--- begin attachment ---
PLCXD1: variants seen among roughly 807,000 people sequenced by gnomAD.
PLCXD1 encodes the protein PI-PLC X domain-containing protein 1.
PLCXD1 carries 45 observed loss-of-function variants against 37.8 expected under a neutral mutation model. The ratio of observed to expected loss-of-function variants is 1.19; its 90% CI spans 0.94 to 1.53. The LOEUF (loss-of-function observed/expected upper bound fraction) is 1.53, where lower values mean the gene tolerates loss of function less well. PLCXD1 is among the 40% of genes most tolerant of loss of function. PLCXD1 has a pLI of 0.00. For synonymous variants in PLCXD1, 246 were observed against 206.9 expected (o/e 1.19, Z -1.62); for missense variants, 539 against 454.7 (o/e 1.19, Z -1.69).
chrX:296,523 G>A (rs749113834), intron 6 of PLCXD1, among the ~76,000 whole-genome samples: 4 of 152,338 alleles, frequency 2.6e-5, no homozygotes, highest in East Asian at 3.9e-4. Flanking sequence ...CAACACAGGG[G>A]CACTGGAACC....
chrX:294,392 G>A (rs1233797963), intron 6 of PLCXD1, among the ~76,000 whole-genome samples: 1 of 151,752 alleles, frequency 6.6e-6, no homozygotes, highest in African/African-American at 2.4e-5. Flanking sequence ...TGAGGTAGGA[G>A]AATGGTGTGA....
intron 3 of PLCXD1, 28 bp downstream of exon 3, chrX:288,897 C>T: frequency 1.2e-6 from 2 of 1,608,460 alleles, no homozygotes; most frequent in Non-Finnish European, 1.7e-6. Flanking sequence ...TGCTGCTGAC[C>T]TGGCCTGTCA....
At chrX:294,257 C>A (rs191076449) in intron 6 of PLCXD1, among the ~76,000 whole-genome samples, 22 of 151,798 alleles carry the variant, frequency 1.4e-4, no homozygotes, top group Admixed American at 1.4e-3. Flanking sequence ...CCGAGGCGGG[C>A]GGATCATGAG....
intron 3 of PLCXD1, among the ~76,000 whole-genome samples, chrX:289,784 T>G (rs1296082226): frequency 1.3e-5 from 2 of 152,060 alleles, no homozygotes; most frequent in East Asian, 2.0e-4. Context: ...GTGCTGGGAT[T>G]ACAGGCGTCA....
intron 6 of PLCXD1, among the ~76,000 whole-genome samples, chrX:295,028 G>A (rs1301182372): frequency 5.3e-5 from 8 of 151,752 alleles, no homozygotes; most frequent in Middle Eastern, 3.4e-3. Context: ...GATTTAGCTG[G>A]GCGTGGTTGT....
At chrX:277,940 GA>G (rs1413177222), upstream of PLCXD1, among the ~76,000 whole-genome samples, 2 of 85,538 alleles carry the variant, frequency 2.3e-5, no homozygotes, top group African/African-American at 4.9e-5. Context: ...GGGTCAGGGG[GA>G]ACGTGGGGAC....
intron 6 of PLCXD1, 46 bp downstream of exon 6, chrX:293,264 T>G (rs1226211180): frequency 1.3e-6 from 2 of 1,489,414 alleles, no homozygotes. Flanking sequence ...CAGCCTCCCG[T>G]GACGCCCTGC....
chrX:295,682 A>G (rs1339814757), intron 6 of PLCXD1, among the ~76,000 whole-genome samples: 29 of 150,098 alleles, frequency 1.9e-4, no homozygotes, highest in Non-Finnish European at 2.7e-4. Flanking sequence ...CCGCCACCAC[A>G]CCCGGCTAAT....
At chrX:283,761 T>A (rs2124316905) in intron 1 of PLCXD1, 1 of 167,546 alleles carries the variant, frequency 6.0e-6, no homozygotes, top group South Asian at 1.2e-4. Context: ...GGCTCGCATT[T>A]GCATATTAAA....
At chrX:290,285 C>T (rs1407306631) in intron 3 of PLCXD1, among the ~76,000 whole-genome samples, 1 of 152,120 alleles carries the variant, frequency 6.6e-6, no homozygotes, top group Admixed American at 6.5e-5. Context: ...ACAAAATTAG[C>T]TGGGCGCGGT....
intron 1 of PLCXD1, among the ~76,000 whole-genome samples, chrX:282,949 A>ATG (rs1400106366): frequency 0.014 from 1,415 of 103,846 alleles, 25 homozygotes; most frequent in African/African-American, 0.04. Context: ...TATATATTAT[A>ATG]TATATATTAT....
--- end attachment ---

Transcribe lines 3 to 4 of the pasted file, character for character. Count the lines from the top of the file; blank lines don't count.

PLCXD1 carries 45 observed loss-of-function variants against 37.8 expected under a neutral mutation model. The ratio of observed to expected loss-of-function variants is 1.19; its 90% CI spans 0.94 to 1.53. The LOEUF (loss-of-function observed/expected upper bound fraction) is 1.53, where lower values mean the gene tolerates loss of function less well. PLCXD1 is among the 40% of genes most tolerant of loss of function. PLCXD1 has a pLI of 0.00. For synonymous variants in PLCXD1, 246 were observed against 206.9 expected (o/e 1.19, Z -1.62); for missense variants, 539 against 454.7 (o/e 1.19, Z -1.69).
chrX:296,523 G>A (rs749113834), intron 6 of PLCXD1, among the ~76,000 whole-genome samples: 4 of 152,338 alleles, frequency 2.6e-5, no homozygotes, highest in East Asian at 3.9e-4. Flanking sequence ...CAACACAGGG[G>A]CACTGGAACC....